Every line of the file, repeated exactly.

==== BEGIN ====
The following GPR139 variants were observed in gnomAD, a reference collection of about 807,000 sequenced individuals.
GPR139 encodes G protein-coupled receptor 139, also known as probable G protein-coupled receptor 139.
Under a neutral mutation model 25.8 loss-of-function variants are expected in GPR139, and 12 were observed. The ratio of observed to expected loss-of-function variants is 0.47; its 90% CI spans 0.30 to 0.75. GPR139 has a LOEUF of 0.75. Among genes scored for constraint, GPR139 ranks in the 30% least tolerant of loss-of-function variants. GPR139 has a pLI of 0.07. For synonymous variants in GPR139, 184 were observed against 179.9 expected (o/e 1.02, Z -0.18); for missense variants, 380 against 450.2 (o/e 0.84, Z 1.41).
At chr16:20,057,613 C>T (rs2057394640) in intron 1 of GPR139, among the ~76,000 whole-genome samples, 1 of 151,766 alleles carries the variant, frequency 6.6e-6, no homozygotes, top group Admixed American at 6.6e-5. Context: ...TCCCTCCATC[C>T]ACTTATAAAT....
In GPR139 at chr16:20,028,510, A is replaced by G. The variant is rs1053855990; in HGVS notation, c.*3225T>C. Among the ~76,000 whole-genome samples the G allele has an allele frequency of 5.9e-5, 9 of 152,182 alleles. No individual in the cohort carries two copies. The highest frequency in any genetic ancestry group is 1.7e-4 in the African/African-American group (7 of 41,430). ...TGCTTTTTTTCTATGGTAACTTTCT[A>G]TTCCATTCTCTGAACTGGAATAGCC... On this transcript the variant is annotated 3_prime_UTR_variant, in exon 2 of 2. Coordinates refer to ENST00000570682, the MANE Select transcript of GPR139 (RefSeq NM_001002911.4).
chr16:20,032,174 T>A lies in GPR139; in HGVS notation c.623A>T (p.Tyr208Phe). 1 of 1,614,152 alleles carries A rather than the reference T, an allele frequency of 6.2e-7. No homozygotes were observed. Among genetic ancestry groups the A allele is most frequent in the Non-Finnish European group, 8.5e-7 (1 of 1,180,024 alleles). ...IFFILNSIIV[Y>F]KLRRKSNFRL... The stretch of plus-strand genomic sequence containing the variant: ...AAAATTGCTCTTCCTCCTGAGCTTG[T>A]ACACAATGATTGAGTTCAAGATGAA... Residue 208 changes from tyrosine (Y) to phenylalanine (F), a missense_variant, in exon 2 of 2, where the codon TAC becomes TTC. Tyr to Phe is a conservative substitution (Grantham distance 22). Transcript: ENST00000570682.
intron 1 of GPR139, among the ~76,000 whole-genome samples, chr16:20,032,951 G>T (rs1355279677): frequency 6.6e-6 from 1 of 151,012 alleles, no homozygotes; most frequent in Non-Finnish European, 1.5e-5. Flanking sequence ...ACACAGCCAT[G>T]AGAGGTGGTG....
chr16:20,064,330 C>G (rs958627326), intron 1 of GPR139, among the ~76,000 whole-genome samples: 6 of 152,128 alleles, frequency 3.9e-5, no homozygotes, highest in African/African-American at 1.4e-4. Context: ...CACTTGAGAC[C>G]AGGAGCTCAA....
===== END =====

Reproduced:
The following GPR139 variants were observed in gnomAD, a reference collection of about 807,000 sequenced individuals.
GPR139 encodes G protein-coupled receptor 139, also known as probable G protein-coupled receptor 139.
Under a neutral mutation model 25.8 loss-of-function variants are expected in GPR139, and 12 were observed. The ratio of observed to expected loss-of-function variants is 0.47; its 90% CI spans 0.30 to 0.75. GPR139 has a LOEUF of 0.75. Among genes scored for constraint, GPR139 ranks in the 30% least tolerant of loss-of-function variants. GPR139 has a pLI of 0.07. For synonymous variants in GPR139, 184 were observed against 179.9 expected (o/e 1.02, Z -0.18); for missense variants, 380 against 450.2 (o/e 0.84, Z 1.41).
At chr16:20,057,613 C>T (rs2057394640) in intron 1 of GPR139, among the ~76,000 whole-genome samples, 1 of 151,766 alleles carries the variant, frequency 6.6e-6, no homozygotes, top group Admixed American at 6.6e-5. Context: ...TCCCTCCATC[C>T]ACTTATAAAT....
In GPR139 at chr16:20,028,510, A is replaced by G. The variant is rs1053855990; in HGVS notation, c.*3225T>C. Among the ~76,000 whole-genome samples the G allele has an allele frequency of 5.9e-5, 9 of 152,182 alleles. No individual in the cohort carries two copies. The highest frequency in any genetic ancestry group is 1.7e-4 in the African/African-American group (7 of 41,430). ...TGCTTTTTTTCTATGGTAACTTTCT[A>G]TTCCATTCTCTGAACTGGAATAGCC... On this transcript the variant is annotated 3_prime_UTR_variant, in exon 2 of 2. Coordinates refer to ENST00000570682, the MANE Select transcript of GPR139 (RefSeq NM_001002911.4).
chr16:20,032,174 T>A lies in GPR139; in HGVS notation c.623A>T (p.Tyr208Phe). 1 of 1,614,152 alleles carries A rather than the reference T, an allele frequency of 6.2e-7. No homozygotes were observed. Among genetic ancestry groups the A allele is most frequent in the Non-Finnish European group, 8.5e-7 (1 of 1,180,024 alleles). ...IFFILNSIIV[Y>F]KLRRKSNFRL... The stretch of plus-strand genomic sequence containing the variant: ...AAAATTGCTCTTCCTCCTGAGCTTG[T>A]ACACAATGATTGAGTTCAAGATGAA... Residue 208 changes from tyrosine (Y) to phenylalanine (F), a missense_variant, in exon 2 of 2, where the codon TAC becomes TTC. Tyr to Phe is a conservative substitution (Grantham distance 22). Transcript: ENST00000570682.
intron 1 of GPR139, among the ~76,000 whole-genome samples, chr16:20,032,951 G>T (rs1355279677): frequency 6.6e-6 from 1 of 151,012 alleles, no homozygotes; most frequent in Non-Finnish European, 1.5e-5. Flanking sequence ...ACACAGCCAT[G>T]AGAGGTGGTG....
chr16:20,064,330 C>G (rs958627326), intron 1 of GPR139, among the ~76,000 whole-genome samples: 6 of 152,128 alleles, frequency 3.9e-5, no homozygotes, highest in African/African-American at 1.4e-4. Context: ...CACTTGAGAC[C>G]AGGAGCTCAA....